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What does the future hold for 3D printing?

Published on 27 June 13
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What does the future hold for 3D printing? - Image 1

For many, the idea of using a printer to produce a solid object made of plastics and metals seemed like a fantastical and unrealistic aspiration. Yet designers have been using just such technology for well over ten years in what is referred to as âadditiveâ manufacturing. Using software programmes to build up extremely thin layers of material into a solid object, industry workers have been able to make product prototypes at just a fraction of the cost associated with traditional processes.

The 3D printing of products presents great benefits to the manufacturing industry as it lowers both the safety risks and the cost. Since many items are designed for manufacture (including their own distribution) often by its very nature design creates a surplus. By contrast, 3D printing allows for more resourceful production â resulting in a final product that is up to 60% lighter. 3D printers can also work reliably 24 hours a day at several times the speed of human manufacturers, reducing the capital conventionally required to cover tools, staff and materials.

In a world in which people are used to having the luxury of choice, 3D printing lessens the pressure for manufacturers to hit on that single magical product that will sell in thousands and justify the financial overheads required for its production. Now, not only are smaller runs of certain items more affordable for production companies, there is also the potential for consumers to customise a product before they make their purchase. 3D printing would also allow for more creativity in the market, allowing entrepreneurs to release a small run of one particular product before stepping up to mass production.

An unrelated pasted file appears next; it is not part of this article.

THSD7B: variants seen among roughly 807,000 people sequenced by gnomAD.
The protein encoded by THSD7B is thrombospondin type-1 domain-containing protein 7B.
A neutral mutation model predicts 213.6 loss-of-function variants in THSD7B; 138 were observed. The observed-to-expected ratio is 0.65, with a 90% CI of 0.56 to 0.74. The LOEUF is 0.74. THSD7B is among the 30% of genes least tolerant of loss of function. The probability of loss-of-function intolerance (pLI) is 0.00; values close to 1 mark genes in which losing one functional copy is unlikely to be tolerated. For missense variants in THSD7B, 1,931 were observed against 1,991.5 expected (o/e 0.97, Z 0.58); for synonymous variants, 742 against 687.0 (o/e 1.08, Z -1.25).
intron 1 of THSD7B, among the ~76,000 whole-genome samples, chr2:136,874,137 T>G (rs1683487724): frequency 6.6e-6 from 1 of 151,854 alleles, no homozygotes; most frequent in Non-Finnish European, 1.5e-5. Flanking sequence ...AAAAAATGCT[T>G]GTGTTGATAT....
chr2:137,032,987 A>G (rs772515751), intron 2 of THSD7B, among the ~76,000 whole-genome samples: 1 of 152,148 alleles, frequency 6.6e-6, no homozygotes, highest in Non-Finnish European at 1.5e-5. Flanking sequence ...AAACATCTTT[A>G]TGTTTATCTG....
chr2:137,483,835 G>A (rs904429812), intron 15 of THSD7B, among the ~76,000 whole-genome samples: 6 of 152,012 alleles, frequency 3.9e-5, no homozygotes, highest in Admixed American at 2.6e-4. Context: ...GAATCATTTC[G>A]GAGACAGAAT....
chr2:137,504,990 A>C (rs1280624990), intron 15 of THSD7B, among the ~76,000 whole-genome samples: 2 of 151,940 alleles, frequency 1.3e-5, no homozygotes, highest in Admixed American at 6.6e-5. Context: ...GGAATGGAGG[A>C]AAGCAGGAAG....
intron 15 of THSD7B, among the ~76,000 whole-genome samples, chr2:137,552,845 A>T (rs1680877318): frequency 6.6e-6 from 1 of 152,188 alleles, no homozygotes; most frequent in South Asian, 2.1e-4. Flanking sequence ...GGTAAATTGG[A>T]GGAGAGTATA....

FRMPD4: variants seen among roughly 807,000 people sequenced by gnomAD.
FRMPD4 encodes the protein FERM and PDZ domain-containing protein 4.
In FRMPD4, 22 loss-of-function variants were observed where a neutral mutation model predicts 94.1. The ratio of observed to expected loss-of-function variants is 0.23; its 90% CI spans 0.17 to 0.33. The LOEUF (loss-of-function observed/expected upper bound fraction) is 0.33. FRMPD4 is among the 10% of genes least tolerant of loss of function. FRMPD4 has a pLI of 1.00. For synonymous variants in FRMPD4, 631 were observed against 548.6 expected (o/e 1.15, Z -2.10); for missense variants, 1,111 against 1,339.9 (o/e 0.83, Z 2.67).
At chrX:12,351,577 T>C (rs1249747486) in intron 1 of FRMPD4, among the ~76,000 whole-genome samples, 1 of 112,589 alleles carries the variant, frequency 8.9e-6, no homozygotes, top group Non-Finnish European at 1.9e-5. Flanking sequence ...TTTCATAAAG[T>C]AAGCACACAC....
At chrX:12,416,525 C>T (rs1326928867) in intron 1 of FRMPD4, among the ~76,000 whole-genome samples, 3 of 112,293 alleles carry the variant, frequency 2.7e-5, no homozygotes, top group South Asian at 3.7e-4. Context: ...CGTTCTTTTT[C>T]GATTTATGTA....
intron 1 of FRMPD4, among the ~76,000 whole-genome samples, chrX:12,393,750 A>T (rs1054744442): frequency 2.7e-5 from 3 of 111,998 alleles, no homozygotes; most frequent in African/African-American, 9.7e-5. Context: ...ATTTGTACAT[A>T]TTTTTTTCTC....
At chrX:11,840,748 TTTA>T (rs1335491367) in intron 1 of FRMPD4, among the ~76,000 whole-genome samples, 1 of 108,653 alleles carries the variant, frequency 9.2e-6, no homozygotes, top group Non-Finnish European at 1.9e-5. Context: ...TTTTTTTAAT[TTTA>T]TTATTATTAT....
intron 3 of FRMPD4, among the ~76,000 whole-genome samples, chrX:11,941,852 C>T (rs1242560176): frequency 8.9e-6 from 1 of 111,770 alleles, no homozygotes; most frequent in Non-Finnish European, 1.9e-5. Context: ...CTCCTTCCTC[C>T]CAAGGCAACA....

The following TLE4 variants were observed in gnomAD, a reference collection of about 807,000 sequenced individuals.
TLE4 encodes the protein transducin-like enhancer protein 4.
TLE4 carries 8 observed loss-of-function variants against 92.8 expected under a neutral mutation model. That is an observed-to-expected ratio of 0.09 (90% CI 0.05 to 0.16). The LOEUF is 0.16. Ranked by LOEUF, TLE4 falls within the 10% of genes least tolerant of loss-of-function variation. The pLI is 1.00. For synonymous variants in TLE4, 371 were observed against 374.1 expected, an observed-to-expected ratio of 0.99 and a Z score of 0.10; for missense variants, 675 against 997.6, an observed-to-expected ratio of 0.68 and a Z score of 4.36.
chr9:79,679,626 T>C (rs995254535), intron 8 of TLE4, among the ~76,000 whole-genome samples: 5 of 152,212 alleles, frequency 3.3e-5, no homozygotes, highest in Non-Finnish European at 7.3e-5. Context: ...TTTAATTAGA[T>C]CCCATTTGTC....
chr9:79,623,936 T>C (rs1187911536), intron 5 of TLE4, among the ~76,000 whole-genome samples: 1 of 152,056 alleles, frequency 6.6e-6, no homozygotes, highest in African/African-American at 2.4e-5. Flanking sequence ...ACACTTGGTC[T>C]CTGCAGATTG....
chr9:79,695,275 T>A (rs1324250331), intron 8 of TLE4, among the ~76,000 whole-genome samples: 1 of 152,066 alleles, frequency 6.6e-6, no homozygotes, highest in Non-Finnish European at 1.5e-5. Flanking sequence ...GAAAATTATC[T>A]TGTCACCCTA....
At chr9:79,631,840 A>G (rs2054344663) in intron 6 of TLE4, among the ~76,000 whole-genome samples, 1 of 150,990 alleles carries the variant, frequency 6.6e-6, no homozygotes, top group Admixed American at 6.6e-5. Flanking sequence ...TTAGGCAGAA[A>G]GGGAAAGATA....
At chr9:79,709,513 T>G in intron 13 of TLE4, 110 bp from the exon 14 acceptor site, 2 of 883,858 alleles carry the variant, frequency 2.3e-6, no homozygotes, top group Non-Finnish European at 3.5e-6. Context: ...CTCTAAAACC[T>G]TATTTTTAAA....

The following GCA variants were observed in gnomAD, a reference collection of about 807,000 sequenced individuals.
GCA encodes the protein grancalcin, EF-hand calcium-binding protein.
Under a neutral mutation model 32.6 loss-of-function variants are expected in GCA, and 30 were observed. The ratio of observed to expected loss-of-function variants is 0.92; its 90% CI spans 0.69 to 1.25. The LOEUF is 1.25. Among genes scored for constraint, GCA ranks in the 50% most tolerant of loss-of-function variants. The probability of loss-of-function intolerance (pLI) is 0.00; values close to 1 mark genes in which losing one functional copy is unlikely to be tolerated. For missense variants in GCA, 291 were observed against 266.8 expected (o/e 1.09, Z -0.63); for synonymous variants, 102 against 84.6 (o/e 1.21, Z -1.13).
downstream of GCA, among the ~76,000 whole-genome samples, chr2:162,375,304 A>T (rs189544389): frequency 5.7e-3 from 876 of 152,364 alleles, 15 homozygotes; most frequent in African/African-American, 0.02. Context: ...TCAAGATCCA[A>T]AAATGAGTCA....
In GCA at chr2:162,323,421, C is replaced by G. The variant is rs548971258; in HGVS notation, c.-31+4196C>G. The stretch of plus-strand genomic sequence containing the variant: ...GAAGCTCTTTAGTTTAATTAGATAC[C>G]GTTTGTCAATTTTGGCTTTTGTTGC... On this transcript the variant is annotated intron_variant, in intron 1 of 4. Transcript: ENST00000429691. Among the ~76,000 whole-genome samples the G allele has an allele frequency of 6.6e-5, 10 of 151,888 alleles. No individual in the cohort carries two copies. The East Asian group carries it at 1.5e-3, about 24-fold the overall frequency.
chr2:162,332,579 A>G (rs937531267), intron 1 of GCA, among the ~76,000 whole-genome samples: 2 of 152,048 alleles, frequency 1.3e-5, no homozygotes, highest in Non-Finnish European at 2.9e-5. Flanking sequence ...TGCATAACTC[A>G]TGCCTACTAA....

Although still in its infancy, 3D printing contains the potential to change many aspects of contemporary life ranging from architecture to mobile phone design to dental crowns and right through to medical implants. For example, because of the âflexibilityâ of 3D printing, it is possible to envision a process by which buildings are erected using machines that deposit layers of concrete in shapes currently unfathomable within the manufacturing industry. Similarly, there is hope that the detail offered by 3D printing would offer possibility to create medical implants which when placed into the human body, would stimulate the growth of the patientâs existing bone, making it more stable than implants currently offered.

Even though there is no doubt 3D printing presents many benefits to the marketplace, it is its capacity to improve many lives on a very personal scale that makes its development so important. Whilst having a 3D printer in your home might enable the convenient production of jewellery and car parts, the facility of such a machine is in fact much greater.

Whilst NASAâs intention to adapt the process for use in space highlights the significance of this development, it is the idea that 3D printing would allow the fast and effective production of medical implants that makes it one of the most important technological advances in living memory. With the knowledge that 3D printing can be used in a medical context to produce everything from prosthetics to hearing aids, this is a technological process with the power to completely transform lives
.